Mastering The Art of Asking Questions with Active Sentences

how to make question when we have AS in the answer


Asking effective questions is a fundamental skill that can greatly enhance communication and understanding. When faced with an answer, particularly one with an active sentence (AS), it is essential to know how to formulate the right question to extract further information. In this article, we will explore strategies to make questions that delve deeper into active sentence answers. By mastering this technique, you can unlock valuable insights, foster meaningful conversations, and broaden your knowledge base.

Understanding Active Sentences

Before we delve into crafting questions, it’s crucial to grasp the concept of active sentences. An active sentence typically follows a subject-verb-object structure, where the subject performs the action described by the verb on the object. For instance, “The cat chased the mouse” is an active sentence. Recognizing active sentences is essential because they provide valuable information about the actors and actions involved, enabling us to frame targeted questions to obtain specific details.

Identifying Key Elements 

To construct effective questions, it’s important to identify the key elements within an active sentence. Begin by identifying the subject, verb, and object. These elements form the foundation of your questions. For example, in the sentence “John painted a beautiful landscape,” the subject is John, the verb is painted, and the object is a beautiful landscape. By recognizing these components, you can focus your questions on the subject’s motivations, the process of the action, or the attributes of the object, depending on the information you seek.

Expanding Questions Who, What, When, Where, Why, How 

To extract comprehensive information, use the 5W1H technique – Who, What, When, Where, Why, and How. These question words help you expand your inquiries and explore various aspects of the active sentence answer. For instance

1. Who Who performed the action? Who else was involved?

2. What What action was performed? What were the outcomes?

3. When When did the action take place? When was it completed?

4. Where Where did the action occur? Where else might it have happened?

5. Why Why did the subject engage in the action? What were the motivations?

6. How How did the subject carry out the action? How did it impact others?

By utilizing these question words, you can formulate detailed inquiries that provide a deeper understanding of the active sentence answer.

Probing for Specifics 

In addition to the 5W1H technique, probe for specific details to gain a more comprehensive view. Ask follow-up questions that address factors such as duration, frequency, scale, intensity, or other relevant aspects. For example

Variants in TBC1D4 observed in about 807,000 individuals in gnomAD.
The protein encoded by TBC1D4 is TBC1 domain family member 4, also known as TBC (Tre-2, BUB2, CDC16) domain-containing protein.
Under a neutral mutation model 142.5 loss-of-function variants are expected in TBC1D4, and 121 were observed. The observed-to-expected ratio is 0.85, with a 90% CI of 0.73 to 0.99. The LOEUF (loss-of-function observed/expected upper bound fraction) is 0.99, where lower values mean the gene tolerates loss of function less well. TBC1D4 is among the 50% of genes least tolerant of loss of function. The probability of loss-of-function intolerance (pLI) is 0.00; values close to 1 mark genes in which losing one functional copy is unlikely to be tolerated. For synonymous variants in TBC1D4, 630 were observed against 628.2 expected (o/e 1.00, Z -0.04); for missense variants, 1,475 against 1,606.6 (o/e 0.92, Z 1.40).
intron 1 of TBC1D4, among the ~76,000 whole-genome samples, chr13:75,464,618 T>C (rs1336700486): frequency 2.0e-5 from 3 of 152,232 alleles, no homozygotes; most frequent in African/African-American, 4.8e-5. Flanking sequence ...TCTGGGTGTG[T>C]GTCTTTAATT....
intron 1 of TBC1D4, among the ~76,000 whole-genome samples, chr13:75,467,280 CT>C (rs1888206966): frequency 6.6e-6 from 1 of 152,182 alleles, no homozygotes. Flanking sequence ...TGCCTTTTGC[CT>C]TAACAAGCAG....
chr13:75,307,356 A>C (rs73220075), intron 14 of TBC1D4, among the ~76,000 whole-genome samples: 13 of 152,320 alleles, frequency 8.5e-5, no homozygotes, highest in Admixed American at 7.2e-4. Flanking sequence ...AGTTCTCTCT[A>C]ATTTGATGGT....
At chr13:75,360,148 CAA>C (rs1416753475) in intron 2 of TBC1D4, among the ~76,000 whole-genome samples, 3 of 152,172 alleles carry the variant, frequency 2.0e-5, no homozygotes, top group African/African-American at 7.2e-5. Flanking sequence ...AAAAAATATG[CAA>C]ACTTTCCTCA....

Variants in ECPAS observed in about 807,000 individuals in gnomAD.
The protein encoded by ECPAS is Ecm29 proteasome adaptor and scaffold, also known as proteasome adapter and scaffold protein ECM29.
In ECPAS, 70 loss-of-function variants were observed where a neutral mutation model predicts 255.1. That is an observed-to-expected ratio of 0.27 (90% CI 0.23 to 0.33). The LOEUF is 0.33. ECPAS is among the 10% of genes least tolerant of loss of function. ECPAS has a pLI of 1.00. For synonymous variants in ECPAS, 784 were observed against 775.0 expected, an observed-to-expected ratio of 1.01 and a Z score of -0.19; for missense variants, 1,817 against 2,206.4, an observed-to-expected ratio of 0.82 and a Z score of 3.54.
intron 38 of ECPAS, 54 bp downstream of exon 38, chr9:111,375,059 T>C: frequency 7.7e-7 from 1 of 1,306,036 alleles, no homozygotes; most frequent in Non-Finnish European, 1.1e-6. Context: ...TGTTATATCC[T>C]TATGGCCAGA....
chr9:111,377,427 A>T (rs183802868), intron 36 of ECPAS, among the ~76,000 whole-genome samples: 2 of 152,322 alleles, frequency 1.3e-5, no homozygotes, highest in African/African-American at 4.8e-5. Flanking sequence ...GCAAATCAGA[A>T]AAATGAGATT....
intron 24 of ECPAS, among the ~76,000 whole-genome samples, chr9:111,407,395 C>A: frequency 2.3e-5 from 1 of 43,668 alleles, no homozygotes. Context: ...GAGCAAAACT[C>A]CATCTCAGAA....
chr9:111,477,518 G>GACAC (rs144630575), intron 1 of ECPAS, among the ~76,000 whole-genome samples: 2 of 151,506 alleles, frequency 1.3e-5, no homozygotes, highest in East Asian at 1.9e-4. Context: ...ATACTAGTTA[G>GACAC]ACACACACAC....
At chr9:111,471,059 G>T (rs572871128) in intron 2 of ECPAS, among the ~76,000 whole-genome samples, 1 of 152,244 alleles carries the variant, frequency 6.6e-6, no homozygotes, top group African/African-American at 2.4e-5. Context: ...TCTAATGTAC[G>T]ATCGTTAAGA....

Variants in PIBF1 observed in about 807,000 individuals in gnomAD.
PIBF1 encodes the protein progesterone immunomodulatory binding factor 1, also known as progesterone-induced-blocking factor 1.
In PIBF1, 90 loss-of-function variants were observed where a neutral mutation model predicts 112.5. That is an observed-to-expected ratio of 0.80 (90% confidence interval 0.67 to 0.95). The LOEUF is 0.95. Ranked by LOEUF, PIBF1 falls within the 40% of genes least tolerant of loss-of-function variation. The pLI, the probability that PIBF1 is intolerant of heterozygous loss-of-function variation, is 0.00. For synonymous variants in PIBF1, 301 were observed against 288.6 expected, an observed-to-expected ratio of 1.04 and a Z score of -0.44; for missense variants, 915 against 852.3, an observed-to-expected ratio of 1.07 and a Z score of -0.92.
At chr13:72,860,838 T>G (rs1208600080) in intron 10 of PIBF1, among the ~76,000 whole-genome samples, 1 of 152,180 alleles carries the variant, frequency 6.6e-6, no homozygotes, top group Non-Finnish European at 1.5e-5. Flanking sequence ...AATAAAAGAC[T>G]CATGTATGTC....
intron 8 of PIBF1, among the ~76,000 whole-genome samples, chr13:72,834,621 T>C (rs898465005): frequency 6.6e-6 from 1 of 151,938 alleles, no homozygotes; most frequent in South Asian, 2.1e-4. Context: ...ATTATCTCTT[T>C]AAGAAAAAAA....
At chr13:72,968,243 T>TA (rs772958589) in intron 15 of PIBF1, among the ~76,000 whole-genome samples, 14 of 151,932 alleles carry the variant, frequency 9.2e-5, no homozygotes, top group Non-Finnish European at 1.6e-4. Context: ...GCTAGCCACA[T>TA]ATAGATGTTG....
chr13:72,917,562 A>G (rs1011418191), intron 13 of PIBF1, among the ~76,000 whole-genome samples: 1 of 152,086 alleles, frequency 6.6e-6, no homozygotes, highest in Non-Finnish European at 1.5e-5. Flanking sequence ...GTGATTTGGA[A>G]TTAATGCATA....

• How long did it take to complete the action?
  • How often does the subject engage in this activity?
  • How significant was the impact?
  • Can you provide an example that illustrates the action?

By incorporating these probing questions, you encourage the respondent to provide specific information, thereby enriching your understanding of the active sentence answer.

Active Listening and Building on Responses 

When receiving answers to your questions, practice active listening. Pay attention to the details provided and consider follow-up questions that build upon the response. Reflecting on the initial answer will help you identify areas that require further exploration. Engage in a constructive dialogue to encourage the sharing of additional insights, perspectives, or examples related to the active sentence.


How can we make questions with who as the subject?

If “what” or “who” is the subject in the sentence, we don’t need an auxiliary verb. The main verb goes right after the question word: What/Who + main verb + …?

How do you turn an answer into a question?

In order to convert a statement into a question you need to put the verb at the beginning of a sentence and add a question mark at the end. Sometimes the verb may have to be changed and an additional word added.


Mastering the art of asking questions when confronted with active sentence answers is a powerful skill that enhances communication and facilitates deeper understanding. By identifying key elements, using the 5W1H technique, probing for specifics, and practicing active listening, you can extract valuable information and engage in meaningful conversations. This approach will broaden your knowledge base, foster intellectual growth, and contribute to more effective communication in both personal and professional settings. Embrace the opportunity to explore the nuances of active sentences and discover the wealth of insights that lie within.

Read Also : A Beginner’s Guide Writing Programs in Pascal